China's top legislature and Foreign Ministry both voiced strong opposition on Thursday to the United States' Strategic Competition Act of 2021, a bipartisan package designed to confront China's economic and geopolitical power globally. Both bodies urged the U.S. to stop the lawmaking process.
The U.S. Senate Foreign Relations Committee overwhelmingly passed the act on Wednesday. It has been sent for consideration by the Senate. The act is seen as the U.S. lawmakers' latest move to intensify their efforts to counter China as the country takes aims at China on multiple fronts, including human rights, economic competition and international influence.
"The act is fueled with Cold War thoughts and ideological bias. It has deliberately distorted and smeared China's development strategy as well as domestic and foreign policies. It's a move grossly interfering with China's internal affairs and with sinister intentions," You Wenze, spokesman for the National People's Congress' Foreign Affairs Committee, said in a statement on Thursday.
The act calls for over $1 billion to increase Washington's global influence, which includes providing funds to counter Chinese influence around the world and a program to counter China's Belt and Road Initiative.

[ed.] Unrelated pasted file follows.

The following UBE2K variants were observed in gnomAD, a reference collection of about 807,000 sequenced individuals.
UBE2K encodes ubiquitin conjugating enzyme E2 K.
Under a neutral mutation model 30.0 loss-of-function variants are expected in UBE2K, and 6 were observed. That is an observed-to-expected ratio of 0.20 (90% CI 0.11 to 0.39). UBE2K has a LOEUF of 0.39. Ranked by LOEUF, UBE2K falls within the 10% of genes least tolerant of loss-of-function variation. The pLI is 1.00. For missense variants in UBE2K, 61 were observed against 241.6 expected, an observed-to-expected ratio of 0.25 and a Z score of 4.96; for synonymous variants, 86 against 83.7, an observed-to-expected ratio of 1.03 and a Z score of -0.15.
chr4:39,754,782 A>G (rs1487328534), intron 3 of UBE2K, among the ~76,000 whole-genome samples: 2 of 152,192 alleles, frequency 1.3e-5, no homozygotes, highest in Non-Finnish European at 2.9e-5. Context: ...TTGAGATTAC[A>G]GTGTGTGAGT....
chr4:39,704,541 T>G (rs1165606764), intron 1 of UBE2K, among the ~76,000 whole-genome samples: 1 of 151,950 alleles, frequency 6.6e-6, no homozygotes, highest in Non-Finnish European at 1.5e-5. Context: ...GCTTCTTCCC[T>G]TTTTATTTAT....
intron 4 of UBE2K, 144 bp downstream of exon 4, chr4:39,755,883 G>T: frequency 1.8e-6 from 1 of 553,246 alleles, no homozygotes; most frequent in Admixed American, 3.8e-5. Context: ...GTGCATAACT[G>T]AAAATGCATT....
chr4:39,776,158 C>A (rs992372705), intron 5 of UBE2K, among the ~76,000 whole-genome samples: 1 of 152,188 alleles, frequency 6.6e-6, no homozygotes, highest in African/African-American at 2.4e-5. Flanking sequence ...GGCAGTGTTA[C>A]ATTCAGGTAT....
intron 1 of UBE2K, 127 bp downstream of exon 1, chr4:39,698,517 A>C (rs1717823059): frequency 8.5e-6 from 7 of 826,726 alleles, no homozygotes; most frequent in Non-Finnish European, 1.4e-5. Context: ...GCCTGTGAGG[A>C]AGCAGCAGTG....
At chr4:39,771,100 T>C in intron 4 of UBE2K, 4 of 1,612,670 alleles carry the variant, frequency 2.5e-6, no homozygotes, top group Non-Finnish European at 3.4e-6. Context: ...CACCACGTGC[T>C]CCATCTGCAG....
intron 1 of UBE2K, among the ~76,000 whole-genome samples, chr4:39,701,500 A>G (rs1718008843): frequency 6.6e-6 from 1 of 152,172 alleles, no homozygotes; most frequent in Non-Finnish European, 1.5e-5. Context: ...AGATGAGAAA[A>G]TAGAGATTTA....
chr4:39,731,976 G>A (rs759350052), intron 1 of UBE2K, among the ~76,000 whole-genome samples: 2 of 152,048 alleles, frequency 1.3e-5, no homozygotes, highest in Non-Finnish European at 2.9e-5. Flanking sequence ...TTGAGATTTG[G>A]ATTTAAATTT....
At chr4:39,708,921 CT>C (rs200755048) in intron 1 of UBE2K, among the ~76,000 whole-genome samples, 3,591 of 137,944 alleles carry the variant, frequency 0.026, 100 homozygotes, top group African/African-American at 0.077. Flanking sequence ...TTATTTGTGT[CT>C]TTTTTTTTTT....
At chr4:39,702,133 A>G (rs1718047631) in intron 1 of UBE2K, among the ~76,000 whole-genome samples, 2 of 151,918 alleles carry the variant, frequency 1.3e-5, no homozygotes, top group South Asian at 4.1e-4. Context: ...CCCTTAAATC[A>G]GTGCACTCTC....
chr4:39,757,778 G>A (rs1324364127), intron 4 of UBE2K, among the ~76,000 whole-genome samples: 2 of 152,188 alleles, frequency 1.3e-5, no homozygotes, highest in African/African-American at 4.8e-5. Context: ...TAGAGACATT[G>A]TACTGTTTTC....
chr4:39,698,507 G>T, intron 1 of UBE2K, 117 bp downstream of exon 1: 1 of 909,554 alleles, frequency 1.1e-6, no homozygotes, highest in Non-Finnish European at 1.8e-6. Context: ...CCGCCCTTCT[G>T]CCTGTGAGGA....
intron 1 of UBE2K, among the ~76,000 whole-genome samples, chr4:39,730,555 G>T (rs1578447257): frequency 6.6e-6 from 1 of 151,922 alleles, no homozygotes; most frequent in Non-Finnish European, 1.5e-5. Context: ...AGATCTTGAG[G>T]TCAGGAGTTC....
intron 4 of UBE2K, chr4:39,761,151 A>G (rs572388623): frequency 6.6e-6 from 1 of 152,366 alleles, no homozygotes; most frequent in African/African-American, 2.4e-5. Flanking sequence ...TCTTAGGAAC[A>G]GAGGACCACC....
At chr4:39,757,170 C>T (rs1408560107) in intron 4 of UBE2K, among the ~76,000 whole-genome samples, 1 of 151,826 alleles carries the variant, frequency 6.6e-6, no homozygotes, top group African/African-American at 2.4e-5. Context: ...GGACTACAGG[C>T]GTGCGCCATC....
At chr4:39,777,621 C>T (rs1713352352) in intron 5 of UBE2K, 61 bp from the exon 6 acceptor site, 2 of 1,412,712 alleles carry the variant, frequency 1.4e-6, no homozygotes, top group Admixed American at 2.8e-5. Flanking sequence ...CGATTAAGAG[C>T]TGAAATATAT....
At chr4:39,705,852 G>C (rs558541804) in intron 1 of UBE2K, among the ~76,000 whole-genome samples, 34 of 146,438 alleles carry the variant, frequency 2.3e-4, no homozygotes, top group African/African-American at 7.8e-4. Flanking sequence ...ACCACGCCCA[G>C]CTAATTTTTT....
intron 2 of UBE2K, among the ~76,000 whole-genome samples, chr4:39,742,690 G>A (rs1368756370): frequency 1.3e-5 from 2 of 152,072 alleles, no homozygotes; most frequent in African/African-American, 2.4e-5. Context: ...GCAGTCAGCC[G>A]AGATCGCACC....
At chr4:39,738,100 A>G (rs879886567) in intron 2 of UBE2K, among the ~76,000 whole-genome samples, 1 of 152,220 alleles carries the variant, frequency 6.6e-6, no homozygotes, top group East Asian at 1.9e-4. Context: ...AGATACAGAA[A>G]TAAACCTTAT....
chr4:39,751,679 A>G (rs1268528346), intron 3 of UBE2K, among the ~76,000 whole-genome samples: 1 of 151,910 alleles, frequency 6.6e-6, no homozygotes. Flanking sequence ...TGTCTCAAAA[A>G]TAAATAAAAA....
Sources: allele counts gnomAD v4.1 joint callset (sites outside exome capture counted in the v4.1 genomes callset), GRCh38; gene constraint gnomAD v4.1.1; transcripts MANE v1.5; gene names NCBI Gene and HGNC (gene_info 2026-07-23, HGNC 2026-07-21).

You said the act goes against promoting world peace and global stability and development, and so is doomed to fail. China has always upheld the international order based on international laws, he added.
Certain articles in the act severely violate the one-China policy and send the wrong signal to Taiwan separatists, he said.
"The one-China policy is the red-line for China. We strongly oppose any form of official contacts between the U.S. and Taiwan. Also, issues related to the Xinjiang Uygur autonomous region and Hong Kong are China's internal affairs, which shouldn't be interfered with by any country," You said.
Even though China and U.S. are competing in certain fields, the two sides should compete fairly and stick by the rules, he said, adding that China is committed to nonconflict, nonconfrontation, mutual respect and win-win cooperation with the U.S., and the U.S. should stop passage of the act.
On Thursday afternoon, the Foreign Ministry said it was strongly dissatisfied with and opposed to the act.
Ministry spokesman Wang Wenbin said the act seriously distorted facts, exaggerated the China threat theory and advocated comprehensive strategic competition between the world's two major economies.
"Is the purpose of U.S. development to defeat China in competition? This distorted and narrow-minded mentality is not in any way compatible with the mindedness of a world power," Wang said at a daily news briefing, calling on Washington to reconsider the act and stop advancing it.